Political Islam and Islamic Parties in Indonesia: Critically Assessing the Evidence of Islam's Political Decline
Tanuwidjaja, Sunny, Contemporary Southeast Asia
The influence of Islam, and religion in general, in Indonesian politics is said to be in decline. Some observers have even boldly declared that a secular democracy is emerging in Indonesia. (1) There is some evidence to suggest that this might indeed be the case. First, surveys have indicated that Indonesian voters have become more "rational", which generally means they have become more focused on a candidate's or parties' track record and programmes, and the potential material benefits that can be accrued by electing them. When Indonesian voters arrive at the polling stations, they no longer think about religion when they decide which parties or candidates to vote for. (2) The second piece of evidence supporting the hypothesis of the declining importance of religion in Indonesian politics is the falling support for Islamic parties. (3) In four democratic elections, Islamic political parties failed to receive more than 44 per cent of the votes despite the fact that 80 to 90 per cent of people in Indonesia are Muslim. Although Islamic parties gained around 44 per cent of the national vote at the 1955 general election, post-New Order, their electoral appeal has declined. In 1999, Islamic parties managed to garner 36.3 per cent of the vote, while in 2004 they received 41 per cent. However in 2009, their support declined significantly to 29.2 per cent, the worst electoral performance by Islamic parties since independence.
However, herein lies the paradox and the puzzle. There is a parallel trend that runs contradictory to the image of an increasingly rational Indonesian voter who eschews supporting Islamic parties. Despite the minority status of Islamic political parties in the Indonesian parliament, over the past few years a significant number of laws have been passed at both the national and local level of government that promote an Islamic or religiously conservative agenda. For example, the controversial education bill and antipornography bill--both informed by religious agendas--were passed by the national parliament, which is dominated by the so-called nationalist, secular and Pancasila based political parties. (4) Local laws that are highly religious in content have also been passed in many districts where regional legislatures were also dominated by these political parties. The absence of a strong response from political parties and their representatives in parliament on issues of religious violence--particularly in the case of Ahmadiyah--is another example that runs counter to the hypothesis of the declining influence of religion in Indonesian politics. If religion is no longer important, why do politicians and political parties tend to shy away from controversial religious issues? In fact, politicians understand that religion is a very sensitive issue which carries serious political implications. Despite lacking formal political representation through Islamic political parties, Islamic agendas are still able to penetrate the legal public sphere. In other words, unlike Islamic political parties themselves, political Islam is still very much a significant and influential political force in Indonesia.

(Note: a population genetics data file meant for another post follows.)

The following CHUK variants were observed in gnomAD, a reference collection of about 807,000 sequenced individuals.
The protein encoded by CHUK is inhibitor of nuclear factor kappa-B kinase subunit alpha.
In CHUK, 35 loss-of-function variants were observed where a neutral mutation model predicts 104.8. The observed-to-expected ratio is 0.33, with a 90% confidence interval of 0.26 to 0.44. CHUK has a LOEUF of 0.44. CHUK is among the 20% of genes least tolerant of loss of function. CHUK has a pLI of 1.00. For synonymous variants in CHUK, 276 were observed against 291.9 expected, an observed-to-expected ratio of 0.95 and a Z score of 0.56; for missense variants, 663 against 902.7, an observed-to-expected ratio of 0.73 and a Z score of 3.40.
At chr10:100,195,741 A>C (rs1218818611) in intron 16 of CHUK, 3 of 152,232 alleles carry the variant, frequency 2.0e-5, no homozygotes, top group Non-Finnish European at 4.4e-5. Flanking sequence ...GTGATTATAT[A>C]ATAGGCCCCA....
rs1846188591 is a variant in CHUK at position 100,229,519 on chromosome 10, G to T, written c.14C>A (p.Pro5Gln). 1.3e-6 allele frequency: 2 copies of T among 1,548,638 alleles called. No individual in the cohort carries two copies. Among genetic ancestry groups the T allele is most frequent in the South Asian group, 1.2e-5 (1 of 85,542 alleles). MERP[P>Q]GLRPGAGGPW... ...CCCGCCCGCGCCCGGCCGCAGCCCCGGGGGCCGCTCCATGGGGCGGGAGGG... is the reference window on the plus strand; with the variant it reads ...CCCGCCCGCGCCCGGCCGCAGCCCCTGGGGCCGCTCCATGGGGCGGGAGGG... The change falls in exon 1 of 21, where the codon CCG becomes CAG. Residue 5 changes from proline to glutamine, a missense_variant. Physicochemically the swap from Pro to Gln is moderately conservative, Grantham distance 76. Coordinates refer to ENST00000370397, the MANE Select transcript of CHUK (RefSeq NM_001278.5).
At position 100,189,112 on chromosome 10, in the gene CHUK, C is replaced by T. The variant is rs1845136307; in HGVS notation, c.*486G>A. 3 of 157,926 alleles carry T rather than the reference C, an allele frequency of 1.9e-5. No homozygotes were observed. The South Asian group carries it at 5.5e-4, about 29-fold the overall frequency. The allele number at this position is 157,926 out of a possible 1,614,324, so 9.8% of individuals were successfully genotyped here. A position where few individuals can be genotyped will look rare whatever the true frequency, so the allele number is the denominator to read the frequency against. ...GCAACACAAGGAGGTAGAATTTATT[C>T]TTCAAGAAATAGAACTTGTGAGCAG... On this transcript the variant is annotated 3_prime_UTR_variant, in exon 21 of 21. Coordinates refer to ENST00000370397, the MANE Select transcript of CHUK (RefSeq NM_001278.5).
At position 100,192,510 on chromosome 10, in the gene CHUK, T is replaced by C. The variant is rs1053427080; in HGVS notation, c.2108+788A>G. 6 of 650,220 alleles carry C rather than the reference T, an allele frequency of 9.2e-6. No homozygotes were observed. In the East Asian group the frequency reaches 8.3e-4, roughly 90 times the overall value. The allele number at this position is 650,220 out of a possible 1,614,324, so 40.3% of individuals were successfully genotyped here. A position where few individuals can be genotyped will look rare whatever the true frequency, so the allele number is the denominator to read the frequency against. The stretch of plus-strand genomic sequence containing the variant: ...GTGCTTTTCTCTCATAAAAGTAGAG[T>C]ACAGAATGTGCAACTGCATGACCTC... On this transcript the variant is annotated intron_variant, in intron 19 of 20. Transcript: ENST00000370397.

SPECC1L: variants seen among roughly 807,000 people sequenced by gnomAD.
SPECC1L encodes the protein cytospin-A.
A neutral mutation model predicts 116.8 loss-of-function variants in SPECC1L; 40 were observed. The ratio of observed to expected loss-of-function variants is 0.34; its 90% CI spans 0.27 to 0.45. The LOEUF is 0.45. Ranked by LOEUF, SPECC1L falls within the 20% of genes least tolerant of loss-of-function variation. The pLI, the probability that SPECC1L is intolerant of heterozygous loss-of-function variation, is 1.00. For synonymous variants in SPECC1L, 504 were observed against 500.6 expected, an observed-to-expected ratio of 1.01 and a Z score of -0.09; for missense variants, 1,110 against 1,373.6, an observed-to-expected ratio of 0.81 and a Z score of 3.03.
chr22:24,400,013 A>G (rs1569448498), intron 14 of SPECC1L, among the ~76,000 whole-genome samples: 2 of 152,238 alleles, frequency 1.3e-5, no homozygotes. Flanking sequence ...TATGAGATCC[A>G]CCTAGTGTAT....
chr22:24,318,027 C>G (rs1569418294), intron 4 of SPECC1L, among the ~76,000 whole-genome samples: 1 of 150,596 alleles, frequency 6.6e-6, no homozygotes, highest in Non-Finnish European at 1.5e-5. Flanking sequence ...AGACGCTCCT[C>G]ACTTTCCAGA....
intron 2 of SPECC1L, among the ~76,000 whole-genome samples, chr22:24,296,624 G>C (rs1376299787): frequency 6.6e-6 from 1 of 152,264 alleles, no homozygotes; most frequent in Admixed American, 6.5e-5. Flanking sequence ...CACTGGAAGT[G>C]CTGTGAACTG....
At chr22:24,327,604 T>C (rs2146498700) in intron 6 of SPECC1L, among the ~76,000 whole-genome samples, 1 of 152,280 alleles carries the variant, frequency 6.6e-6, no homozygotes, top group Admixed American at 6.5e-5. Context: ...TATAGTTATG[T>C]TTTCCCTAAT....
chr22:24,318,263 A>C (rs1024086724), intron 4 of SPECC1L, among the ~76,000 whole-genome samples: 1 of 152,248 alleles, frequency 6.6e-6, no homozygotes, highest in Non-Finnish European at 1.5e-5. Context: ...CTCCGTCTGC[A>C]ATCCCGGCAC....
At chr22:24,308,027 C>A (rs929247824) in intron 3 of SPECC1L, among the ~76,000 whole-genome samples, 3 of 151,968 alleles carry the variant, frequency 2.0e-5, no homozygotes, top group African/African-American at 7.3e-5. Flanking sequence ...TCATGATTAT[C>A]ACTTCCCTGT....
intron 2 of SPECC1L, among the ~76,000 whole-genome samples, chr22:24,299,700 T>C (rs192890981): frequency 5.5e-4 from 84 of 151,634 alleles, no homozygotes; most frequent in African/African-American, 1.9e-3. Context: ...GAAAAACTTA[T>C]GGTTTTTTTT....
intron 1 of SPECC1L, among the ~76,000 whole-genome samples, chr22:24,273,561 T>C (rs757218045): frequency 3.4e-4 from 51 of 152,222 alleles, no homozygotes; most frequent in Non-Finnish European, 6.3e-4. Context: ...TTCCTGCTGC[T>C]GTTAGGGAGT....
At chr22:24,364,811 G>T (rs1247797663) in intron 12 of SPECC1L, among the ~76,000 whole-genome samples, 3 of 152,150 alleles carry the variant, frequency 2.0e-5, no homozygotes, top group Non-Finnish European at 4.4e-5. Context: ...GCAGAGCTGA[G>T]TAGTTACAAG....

I argue that this paradox can be explained in two ways. First, that the evidence purporting to show that Indonesian voters have become more "rational" should be interpreted in a different way, and that Indonesians are still very much concerned with religious issues. This argument has significant implications for the literature on Indonesian voting behaviour. It runs counter to the common emerging opinion that Indonesian voters have become more rational and are no longer influenced by religion in making their political choices. (5) The claim that Indonesian voters are no longer influenced by religious considerations is premature. It is eminently possible that the absence of explicit influence of religion on Indonesian voters is due to the lack of religious differentiation among parties and candidates, and limitations in the current survey instruments in capturing such influence. …